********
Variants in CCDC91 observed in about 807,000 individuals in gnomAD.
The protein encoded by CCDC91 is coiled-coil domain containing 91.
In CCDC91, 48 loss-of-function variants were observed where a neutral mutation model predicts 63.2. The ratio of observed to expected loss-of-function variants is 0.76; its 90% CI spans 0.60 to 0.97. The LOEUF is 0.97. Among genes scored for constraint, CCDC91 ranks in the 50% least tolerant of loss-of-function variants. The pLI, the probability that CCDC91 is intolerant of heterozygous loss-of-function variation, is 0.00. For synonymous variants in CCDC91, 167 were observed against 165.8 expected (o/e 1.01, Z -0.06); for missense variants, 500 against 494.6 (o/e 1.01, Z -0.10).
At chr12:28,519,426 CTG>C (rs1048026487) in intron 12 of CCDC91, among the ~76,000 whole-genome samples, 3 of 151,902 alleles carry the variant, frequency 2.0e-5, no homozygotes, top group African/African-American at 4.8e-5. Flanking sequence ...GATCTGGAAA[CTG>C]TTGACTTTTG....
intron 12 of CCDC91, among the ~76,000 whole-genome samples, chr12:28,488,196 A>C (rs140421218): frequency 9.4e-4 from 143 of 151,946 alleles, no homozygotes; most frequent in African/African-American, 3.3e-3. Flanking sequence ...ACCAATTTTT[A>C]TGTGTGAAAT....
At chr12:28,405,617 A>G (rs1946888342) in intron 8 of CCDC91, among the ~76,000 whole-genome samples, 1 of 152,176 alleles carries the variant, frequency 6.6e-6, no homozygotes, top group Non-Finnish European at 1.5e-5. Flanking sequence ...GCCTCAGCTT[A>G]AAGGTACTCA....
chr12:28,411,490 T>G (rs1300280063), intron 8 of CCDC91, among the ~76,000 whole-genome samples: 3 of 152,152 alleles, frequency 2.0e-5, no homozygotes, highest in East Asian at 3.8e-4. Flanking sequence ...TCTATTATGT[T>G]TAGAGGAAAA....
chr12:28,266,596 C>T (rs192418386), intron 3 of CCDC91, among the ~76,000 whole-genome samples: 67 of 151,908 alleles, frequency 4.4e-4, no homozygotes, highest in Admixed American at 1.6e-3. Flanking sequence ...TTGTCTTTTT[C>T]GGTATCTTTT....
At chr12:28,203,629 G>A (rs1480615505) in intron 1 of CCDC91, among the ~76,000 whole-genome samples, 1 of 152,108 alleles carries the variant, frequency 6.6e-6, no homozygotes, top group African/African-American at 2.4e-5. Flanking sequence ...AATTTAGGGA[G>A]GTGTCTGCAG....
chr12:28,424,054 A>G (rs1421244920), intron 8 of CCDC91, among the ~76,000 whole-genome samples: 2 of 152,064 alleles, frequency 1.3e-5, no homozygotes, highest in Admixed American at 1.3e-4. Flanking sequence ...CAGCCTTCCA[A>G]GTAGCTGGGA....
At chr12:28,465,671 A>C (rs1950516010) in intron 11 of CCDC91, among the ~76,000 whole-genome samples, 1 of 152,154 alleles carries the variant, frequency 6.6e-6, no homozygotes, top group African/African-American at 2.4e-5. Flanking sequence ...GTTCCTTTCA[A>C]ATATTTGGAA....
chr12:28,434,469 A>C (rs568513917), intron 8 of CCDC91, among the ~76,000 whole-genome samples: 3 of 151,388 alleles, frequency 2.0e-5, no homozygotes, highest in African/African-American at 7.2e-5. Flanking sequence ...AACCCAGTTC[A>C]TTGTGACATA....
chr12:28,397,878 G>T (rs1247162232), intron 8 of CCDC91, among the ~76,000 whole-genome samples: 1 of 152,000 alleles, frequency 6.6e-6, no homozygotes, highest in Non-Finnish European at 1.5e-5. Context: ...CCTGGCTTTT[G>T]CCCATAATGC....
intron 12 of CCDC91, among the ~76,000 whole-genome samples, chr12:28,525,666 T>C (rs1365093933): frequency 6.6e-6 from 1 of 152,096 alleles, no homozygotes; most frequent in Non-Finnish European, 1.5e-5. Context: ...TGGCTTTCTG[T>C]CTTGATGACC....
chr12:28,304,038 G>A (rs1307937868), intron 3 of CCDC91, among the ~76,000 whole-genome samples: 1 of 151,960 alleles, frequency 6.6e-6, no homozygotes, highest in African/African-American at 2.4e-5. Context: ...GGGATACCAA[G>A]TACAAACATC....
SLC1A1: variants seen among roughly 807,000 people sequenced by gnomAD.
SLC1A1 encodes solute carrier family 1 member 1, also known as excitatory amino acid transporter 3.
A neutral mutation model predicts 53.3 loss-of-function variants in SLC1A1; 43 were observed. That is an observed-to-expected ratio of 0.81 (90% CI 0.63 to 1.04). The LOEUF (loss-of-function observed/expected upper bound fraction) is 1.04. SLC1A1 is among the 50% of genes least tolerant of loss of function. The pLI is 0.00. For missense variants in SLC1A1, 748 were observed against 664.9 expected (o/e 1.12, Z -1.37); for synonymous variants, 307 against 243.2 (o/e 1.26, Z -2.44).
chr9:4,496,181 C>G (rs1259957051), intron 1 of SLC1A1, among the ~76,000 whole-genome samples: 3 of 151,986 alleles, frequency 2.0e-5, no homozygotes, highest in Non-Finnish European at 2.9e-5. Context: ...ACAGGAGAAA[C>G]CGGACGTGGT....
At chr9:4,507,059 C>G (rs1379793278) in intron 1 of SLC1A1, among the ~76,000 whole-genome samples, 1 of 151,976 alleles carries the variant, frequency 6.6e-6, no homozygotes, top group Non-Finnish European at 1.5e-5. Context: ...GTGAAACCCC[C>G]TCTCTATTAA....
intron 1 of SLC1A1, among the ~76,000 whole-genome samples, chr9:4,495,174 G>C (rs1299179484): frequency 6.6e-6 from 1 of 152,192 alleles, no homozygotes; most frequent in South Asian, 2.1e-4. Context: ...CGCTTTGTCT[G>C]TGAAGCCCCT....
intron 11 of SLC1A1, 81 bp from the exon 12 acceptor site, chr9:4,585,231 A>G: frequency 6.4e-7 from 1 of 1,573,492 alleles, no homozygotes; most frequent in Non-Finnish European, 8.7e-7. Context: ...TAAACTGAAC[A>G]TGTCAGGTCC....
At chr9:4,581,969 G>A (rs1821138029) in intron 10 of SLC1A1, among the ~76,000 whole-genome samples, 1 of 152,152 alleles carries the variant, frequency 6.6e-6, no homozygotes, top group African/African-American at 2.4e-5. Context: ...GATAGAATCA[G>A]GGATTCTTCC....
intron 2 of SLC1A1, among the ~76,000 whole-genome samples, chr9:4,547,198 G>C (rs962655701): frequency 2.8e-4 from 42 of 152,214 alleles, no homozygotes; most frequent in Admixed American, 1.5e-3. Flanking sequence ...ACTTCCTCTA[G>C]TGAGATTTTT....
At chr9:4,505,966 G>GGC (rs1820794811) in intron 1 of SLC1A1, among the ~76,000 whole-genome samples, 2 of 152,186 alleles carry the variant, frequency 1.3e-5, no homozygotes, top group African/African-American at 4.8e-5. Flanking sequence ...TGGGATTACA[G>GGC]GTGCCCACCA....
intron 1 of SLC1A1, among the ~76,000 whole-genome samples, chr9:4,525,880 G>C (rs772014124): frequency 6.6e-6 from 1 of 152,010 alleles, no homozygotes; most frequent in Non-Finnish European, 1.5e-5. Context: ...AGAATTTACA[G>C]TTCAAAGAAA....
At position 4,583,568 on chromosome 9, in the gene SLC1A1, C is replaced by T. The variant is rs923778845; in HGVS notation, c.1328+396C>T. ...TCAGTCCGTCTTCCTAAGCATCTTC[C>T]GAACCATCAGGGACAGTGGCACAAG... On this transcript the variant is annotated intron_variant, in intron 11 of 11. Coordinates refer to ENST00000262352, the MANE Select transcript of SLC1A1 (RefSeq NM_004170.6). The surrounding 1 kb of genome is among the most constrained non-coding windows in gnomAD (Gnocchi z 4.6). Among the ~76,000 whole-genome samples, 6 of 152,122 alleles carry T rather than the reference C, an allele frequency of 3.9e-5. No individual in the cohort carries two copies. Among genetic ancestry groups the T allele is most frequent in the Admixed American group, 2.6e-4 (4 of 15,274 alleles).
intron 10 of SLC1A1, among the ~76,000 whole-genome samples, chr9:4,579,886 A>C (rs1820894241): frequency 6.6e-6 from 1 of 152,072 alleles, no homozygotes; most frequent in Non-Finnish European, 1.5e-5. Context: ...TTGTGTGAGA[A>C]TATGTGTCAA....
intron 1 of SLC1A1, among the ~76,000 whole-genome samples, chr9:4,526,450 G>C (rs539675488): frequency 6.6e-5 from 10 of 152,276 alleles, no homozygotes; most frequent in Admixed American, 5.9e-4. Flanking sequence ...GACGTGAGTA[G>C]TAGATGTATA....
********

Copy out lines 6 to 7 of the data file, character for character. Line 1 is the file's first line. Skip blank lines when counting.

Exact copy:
At chr12:28,405,617 A>G (rs1946888342) in intron 8 of CCDC91, among the ~76,000 whole-genome samples, 1 of 152,176 alleles carries the variant, frequency 6.6e-6, no homozygotes, top group Non-Finnish European at 1.5e-5. Flanking sequence ...GCCTCAGCTT[A>G]AAGGTACTCA....
chr12:28,411,490 T>G (rs1300280063), intron 8 of CCDC91, among the ~76,000 whole-genome samples: 3 of 152,152 alleles, frequency 2.0e-5, no homozygotes, highest in East Asian at 3.8e-4. Flanking sequence ...TCTATTATGT[T>G]TAGAGGAAAA....